John Mountford, AoC international director, defends colleges’ foreign recruitment

In recent weeks criticism has been levelled at colleges for their hugely beneficial work abroad.

This very paper reported a turn of phrase by Sir Michael Wilshaw, Her Majesty’s chief inspector, which appeared to question the benefits of FE’s international work.

In his speech to an AoC conference, Sir Michael challenged colleges to consider whether international work was being sought at the expense of the local community and quality improvement or, as it was phrased, Deptford not Delhi.

I think it is important to answer that challenge – and the public should be assured that both from quality and strategic perspectives there are plenty of reasons why colleges should embrace and develop their international work.

It is by working with Delhi that you can give learners the education they need to be successful in Deptford.

Colleges have a long and successful tradition of developing programmes that meet the needs of local and national partners. It therefore makes sense to use the skills and experience we have gained from this work and export our world class FE system to international partners.

These commercial opportunities allow colleges to develop programmes, generate income that allow them to run courses they wouldn’t normally run, hire local staff and purchase resources that they couldn’t normally purchase. It is a credit to the sector that we were asked to lead on the government’s FE Global Strategy.

To address the quality issue there is no known correlation between poor quality and international provision. A quick study of 20 colleges, all with sizable international operations, shows them to typically demonstrate grades of ‘good’ or better.

The proven benefits in internationalising the curriculum in a global skills market, coupled with the confidence working internationally brings to students and staff, has obviously benefited these colleges.

However, as I’m sure the chief inspector is aware, international provision sits outside the Ofsted remit and due to this gap a number of colleges have stepped forward to undergo a review of the quality of their international work to become AoC International Charter members.

The college sector knows that to be effective internationally you need to display a high commitment to quality. To suggest that we can take our eye off this essential element, when working with international partners and students, simply doesn’t make sense.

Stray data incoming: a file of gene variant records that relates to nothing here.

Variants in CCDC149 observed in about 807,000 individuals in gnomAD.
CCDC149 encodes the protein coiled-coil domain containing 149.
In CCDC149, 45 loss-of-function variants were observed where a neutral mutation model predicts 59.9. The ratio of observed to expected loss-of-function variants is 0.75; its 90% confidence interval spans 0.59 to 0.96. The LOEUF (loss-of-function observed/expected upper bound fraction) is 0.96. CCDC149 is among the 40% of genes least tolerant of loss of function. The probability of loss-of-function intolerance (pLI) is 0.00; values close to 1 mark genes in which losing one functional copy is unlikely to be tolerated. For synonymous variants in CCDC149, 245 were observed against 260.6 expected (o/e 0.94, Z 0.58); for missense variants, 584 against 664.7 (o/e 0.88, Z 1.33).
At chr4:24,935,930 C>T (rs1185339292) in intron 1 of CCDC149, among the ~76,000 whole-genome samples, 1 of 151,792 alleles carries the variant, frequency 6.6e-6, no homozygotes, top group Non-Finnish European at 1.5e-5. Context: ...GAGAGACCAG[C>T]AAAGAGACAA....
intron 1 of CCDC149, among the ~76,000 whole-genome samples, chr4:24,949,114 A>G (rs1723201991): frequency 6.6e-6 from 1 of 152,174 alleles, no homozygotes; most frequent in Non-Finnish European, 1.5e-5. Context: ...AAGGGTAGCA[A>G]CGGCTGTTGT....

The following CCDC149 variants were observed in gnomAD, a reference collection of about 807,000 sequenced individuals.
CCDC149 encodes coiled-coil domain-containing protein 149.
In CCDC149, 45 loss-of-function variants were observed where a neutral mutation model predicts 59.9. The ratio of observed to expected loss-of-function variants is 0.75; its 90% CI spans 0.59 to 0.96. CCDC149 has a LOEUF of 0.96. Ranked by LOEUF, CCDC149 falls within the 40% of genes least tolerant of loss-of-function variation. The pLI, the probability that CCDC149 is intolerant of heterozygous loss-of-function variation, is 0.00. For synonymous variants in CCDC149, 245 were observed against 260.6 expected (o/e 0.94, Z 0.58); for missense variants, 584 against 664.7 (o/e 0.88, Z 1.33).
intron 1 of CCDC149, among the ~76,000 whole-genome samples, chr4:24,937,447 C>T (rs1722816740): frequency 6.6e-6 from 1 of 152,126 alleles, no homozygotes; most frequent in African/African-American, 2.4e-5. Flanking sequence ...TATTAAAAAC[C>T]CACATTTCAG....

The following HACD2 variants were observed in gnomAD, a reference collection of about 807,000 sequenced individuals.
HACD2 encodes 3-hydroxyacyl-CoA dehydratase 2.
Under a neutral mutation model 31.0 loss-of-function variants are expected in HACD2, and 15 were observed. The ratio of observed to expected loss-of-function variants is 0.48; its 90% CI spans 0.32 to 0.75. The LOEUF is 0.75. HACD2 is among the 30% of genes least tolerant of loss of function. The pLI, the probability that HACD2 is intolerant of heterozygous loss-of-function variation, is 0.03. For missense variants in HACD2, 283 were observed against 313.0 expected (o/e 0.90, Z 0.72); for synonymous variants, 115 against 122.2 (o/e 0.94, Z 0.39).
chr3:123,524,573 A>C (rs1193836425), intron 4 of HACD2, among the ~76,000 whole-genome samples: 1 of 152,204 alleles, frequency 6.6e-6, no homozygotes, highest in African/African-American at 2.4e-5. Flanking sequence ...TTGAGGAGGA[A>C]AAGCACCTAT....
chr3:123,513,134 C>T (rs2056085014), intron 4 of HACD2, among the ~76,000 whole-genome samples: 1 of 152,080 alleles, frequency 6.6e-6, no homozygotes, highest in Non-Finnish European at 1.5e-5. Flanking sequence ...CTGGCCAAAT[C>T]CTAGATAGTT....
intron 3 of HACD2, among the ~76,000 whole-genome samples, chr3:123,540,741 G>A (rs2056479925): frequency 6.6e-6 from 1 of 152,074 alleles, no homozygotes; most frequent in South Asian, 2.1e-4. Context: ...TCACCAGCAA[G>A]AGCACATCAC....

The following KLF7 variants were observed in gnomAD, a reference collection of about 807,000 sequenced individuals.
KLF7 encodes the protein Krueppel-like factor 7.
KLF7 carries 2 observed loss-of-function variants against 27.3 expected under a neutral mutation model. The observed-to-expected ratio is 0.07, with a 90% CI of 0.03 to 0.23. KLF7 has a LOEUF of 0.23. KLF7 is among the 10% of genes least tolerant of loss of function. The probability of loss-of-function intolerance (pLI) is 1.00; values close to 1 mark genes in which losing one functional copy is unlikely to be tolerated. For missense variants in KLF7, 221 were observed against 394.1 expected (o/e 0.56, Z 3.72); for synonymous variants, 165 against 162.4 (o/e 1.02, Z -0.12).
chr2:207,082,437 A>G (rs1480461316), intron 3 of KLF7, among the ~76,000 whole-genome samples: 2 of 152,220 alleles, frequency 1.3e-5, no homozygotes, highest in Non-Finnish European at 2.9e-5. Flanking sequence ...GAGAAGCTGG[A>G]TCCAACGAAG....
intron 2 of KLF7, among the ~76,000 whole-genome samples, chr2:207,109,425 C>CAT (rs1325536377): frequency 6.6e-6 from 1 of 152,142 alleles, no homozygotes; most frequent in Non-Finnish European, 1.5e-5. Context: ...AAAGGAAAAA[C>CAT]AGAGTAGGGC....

Colleges work with their local communities, to provide learners with meaningful skills and qualifications that allow them to be competitive and productive in the workplace or in their future studies. With this key mission in mind, it is important to acknowledge that we live and work in a globalised environment, where technology and industry have radically changed. It is one that needs a fluid, high-skilled and internationally competitive workforce.

In this technologically driven age it seems both outdated and out of touch to start questioning whether colleges should be taking an international perspective”

A large number of students will have jobs that are directly linked with multinational companies. Colleges’ international work goes a long way to provide an environment where learners can start to gain these skills.  It is by working internationally that we can inspire our learners to think internationally and show them how they can develop and grow from their local communities.

Shouldn’t we be applauding colleges who have the ambition and strategic vision to work together to establish a UK Colleges office in Delhi; isn’t it a credit to the sector that we have been asked to lead on the government’s FE Global Strategy?

The income generated from international projects and initiatives helps develop the quality and resources for all our provision and grows our sector’s worldwide reputation.

In this technologically driven age it seems both outdated and out of touch to start questioning whether colleges should be taking an international perspective – a more pertinent question would be how we can do more.

We should strive to remember and celebrate the great benefits overseas students and partnerships bring to all our colleges and home students’ experience – in fact the real headline should be ‘Delhi for Deptford’.

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